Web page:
posted on 15 August 2016
-- this post authored by Bin He
When demand is high and supply is low, home-bidding wars can break out and push home sale prices above their listing prices. In some of the hottest housing markets buyers are bidding against each other to pay more for homes.
Using more than 700,000 home sales closed in Q2 2016, new analysis from CoreLogic shows the hottest real estate markets in which home-bidding wars are heating up . The analysis was done at the city level, and only cities with at least one hundred sales in Q2 2016 were analyzed.
Figure 1 lists the top 30 cities with the highest shares of bid properties in Q2 2016. According to the CoreLogic data analysis, Santa Clara, CA has the highest share of bid properties. Almost eight out of ten properties in Santa Clara that were sold in Q2 2016 resulted in a price higher than the listing price. Milpitas, CA and Fremont, CA follow with more than seven out of ten properties in these two cities resulting in a price above the listing price. Among the top 30 cities, the additional money that, on average, a buyer had to pay in order to win his or her dream home in a bidding war ranges from as low as $12,500 in Thornton, Co to a whopping $232,000 in Los Altos, CA. The additional money paid as a percentage of the listing price ranges from a low of 3.3 percent in Maple Valley, WA to 12.2 percent in San Francisco, CA. Let us pause for a moment and think about this: if you happen to get into a bidding war in San Francisco CA, which actually occurred in six out of ten closed sales in Q2 2016, you'd better be prepared to pay an additional $134,000 for your dream home, which is about 12.2 percent above the listing price.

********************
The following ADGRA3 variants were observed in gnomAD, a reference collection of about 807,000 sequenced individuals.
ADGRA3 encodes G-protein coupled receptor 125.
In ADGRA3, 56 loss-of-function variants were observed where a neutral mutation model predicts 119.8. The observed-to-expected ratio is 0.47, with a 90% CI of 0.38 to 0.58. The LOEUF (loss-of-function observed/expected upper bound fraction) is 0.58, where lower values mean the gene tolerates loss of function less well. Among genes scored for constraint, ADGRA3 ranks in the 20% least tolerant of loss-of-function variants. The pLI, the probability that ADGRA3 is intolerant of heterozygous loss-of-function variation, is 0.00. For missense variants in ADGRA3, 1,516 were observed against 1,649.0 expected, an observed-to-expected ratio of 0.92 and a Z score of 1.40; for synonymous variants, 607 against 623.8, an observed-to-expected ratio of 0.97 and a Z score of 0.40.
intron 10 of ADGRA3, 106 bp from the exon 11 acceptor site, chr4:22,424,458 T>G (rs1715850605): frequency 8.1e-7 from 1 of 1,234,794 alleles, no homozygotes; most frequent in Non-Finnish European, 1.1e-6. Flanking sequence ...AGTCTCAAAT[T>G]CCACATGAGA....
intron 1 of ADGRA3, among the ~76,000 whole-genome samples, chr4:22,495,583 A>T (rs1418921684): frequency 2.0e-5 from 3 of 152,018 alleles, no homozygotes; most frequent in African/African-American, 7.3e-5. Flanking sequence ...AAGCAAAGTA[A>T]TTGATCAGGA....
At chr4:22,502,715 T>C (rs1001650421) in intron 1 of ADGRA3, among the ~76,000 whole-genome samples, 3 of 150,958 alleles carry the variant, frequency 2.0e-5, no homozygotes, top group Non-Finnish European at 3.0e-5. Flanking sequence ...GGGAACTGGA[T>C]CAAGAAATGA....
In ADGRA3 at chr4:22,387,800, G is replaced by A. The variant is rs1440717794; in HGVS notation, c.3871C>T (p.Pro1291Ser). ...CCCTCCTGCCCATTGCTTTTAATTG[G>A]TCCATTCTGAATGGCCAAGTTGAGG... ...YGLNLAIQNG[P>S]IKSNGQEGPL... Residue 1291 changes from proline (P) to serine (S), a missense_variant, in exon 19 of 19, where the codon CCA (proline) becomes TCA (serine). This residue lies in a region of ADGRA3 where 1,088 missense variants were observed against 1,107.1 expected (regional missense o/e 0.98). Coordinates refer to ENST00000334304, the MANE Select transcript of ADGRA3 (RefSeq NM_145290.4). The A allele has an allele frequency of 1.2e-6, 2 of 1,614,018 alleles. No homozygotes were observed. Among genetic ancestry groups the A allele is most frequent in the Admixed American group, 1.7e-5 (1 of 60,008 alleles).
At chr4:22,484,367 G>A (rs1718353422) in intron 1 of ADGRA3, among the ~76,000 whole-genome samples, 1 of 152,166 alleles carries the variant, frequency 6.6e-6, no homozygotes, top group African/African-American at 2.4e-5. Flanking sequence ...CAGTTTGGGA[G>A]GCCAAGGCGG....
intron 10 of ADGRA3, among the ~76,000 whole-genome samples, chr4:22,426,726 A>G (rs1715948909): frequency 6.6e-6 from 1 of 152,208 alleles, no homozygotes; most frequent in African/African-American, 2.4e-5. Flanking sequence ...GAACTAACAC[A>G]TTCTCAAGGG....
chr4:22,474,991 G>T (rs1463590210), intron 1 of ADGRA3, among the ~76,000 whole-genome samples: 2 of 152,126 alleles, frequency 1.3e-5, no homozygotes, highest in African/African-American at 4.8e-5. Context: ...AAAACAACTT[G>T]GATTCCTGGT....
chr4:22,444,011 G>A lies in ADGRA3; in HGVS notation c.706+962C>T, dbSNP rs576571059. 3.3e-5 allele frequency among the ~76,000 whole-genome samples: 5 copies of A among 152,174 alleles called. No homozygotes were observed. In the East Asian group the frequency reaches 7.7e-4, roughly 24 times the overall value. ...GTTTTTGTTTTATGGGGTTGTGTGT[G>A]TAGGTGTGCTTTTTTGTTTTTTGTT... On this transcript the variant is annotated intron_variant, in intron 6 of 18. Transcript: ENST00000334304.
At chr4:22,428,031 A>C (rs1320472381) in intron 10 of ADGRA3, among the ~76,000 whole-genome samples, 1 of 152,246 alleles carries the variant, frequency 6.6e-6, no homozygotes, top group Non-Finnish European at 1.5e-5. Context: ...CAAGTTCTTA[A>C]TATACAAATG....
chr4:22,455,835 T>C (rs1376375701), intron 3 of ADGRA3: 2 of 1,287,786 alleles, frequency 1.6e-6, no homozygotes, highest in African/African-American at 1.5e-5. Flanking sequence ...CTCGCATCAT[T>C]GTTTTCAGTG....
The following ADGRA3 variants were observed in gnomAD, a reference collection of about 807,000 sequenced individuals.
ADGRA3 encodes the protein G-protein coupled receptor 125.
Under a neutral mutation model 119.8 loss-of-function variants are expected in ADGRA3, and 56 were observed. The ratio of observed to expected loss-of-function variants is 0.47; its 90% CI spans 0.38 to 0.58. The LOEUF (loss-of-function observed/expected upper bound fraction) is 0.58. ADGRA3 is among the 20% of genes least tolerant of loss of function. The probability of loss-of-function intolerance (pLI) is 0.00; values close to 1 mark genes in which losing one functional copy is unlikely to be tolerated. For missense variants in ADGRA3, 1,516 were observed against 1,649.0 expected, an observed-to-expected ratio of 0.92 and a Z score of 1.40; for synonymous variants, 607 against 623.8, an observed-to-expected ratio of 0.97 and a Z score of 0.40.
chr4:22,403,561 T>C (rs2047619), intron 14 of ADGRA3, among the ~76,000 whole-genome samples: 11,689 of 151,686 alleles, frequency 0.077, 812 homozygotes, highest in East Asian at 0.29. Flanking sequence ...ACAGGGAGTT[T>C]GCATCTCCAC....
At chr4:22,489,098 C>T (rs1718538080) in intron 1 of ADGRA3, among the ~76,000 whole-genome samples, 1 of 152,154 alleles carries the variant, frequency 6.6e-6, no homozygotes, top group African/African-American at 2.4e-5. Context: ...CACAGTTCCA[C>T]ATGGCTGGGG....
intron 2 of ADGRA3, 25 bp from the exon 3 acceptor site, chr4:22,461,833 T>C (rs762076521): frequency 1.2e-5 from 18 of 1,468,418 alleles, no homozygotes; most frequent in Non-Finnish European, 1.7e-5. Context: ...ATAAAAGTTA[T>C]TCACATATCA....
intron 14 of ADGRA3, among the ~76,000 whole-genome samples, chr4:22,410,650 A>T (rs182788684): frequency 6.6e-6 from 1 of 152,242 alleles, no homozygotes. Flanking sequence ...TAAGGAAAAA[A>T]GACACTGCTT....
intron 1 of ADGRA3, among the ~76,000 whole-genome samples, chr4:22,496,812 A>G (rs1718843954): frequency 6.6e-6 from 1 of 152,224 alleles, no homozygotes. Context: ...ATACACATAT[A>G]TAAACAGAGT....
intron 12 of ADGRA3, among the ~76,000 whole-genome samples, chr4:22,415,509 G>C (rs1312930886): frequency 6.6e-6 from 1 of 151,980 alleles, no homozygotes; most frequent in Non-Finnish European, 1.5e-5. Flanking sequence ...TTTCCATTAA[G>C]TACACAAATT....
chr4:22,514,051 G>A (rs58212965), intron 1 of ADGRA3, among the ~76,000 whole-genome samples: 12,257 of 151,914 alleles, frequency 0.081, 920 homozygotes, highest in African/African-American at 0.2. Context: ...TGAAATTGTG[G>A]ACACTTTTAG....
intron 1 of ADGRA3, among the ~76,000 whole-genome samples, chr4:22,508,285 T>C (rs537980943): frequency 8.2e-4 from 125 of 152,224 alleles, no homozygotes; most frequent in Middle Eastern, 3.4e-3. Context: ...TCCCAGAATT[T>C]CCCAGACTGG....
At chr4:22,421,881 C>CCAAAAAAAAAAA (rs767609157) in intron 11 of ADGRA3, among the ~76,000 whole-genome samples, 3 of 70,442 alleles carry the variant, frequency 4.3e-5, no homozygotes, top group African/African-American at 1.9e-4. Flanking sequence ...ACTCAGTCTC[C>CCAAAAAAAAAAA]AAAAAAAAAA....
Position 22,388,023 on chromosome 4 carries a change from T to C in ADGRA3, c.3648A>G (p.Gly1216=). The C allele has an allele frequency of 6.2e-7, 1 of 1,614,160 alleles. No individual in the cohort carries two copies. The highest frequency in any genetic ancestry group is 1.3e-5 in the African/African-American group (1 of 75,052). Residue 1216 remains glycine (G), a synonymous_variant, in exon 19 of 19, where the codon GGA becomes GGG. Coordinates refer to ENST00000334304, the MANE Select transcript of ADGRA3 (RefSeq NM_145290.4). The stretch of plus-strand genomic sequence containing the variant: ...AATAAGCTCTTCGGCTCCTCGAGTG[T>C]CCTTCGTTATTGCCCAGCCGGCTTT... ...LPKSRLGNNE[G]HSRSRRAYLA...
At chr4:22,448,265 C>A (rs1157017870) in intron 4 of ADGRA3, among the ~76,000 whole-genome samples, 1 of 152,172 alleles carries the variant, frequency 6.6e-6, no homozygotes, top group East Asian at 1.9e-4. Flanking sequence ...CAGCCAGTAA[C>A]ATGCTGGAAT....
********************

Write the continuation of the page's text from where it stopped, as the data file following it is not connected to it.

Bidding wars were most intensified in California and Washington in Q2 2016. Seventeen of the top 30 cities are in California, and eight are in Washington. Figure 2 shows the pre-bubble high, Q2 2015, and Q2 2016 for two of the cities in California and Washington: San Francisco and Seattle. San Francisco has not passed its pre-bubble historical high, and actually the share is lower than one year ago, thanks to its already high home prices. On the other hand, Seattle has surpassed its pre-bubble high and set another record in Q2 2016.
It is also not surprising to see the listing inventory in these two states is below the national average. As Figure 3 shows, the national average months' supply is 3.75 months, however in California it is 2.6 months' supply and in Washington it is only 2.04 months .
1 CoreLogic MLS data is used for this analysis. A bid property is defined as a property where its closing price is at least $5,000 higher than its listing price.
2 Months' supply data is from CoreLogic ListingTrends. Months' supply is calculated by the active inventory count divided by the average of the last 12 months of sold inventory count.
© 2016 CoreLogic, Inc. All rights reserved.
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